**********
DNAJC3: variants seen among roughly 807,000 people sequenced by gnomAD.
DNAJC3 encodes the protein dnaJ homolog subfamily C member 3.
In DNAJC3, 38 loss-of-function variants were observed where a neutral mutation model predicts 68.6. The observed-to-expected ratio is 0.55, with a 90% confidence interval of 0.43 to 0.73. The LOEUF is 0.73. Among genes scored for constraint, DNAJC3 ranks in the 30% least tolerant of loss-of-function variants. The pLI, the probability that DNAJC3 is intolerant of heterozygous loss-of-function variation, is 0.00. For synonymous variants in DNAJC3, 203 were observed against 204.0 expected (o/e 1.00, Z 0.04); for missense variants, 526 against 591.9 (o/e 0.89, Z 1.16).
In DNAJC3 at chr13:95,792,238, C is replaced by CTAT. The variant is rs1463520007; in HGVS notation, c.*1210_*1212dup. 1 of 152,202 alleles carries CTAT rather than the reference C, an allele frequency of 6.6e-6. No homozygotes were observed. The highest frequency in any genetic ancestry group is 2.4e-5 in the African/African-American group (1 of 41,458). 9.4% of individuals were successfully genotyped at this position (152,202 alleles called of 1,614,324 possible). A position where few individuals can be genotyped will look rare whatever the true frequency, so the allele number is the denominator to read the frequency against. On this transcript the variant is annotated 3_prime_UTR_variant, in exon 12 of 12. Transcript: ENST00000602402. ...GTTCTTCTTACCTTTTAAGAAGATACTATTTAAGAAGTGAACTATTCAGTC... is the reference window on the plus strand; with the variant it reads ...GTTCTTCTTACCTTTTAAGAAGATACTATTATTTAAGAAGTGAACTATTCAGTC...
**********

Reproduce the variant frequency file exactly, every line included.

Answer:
DNAJC3: variants seen among roughly 807,000 people sequenced by gnomAD.
DNAJC3 encodes the protein dnaJ homolog subfamily C member 3.
In DNAJC3, 38 loss-of-function variants were observed where a neutral mutation model predicts 68.6. The observed-to-expected ratio is 0.55, with a 90% confidence interval of 0.43 to 0.73. The LOEUF is 0.73. Among genes scored for constraint, DNAJC3 ranks in the 30% least tolerant of loss-of-function variants. The pLI, the probability that DNAJC3 is intolerant of heterozygous loss-of-function variation, is 0.00. For synonymous variants in DNAJC3, 203 were observed against 204.0 expected (o/e 1.00, Z 0.04); for missense variants, 526 against 591.9 (o/e 0.89, Z 1.16).
In DNAJC3 at chr13:95,792,238, C is replaced by CTAT. The variant is rs1463520007; in HGVS notation, c.*1210_*1212dup. 1 of 152,202 alleles carries CTAT rather than the reference C, an allele frequency of 6.6e-6. No homozygotes were observed. The highest frequency in any genetic ancestry group is 2.4e-5 in the African/African-American group (1 of 41,458). 9.4% of individuals were successfully genotyped at this position (152,202 alleles called of 1,614,324 possible). A position where few individuals can be genotyped will look rare whatever the true frequency, so the allele number is the denominator to read the frequency against. On this transcript the variant is annotated 3_prime_UTR_variant, in exon 12 of 12. Transcript: ENST00000602402. ...GTTCTTCTTACCTTTTAAGAAGATACTATTTAAGAAGTGAACTATTCAGTC... is the reference window on the plus strand; with the variant it reads ...GTTCTTCTTACCTTTTAAGAAGATACTATTATTTAAGAAGTGAACTATTCAGTC...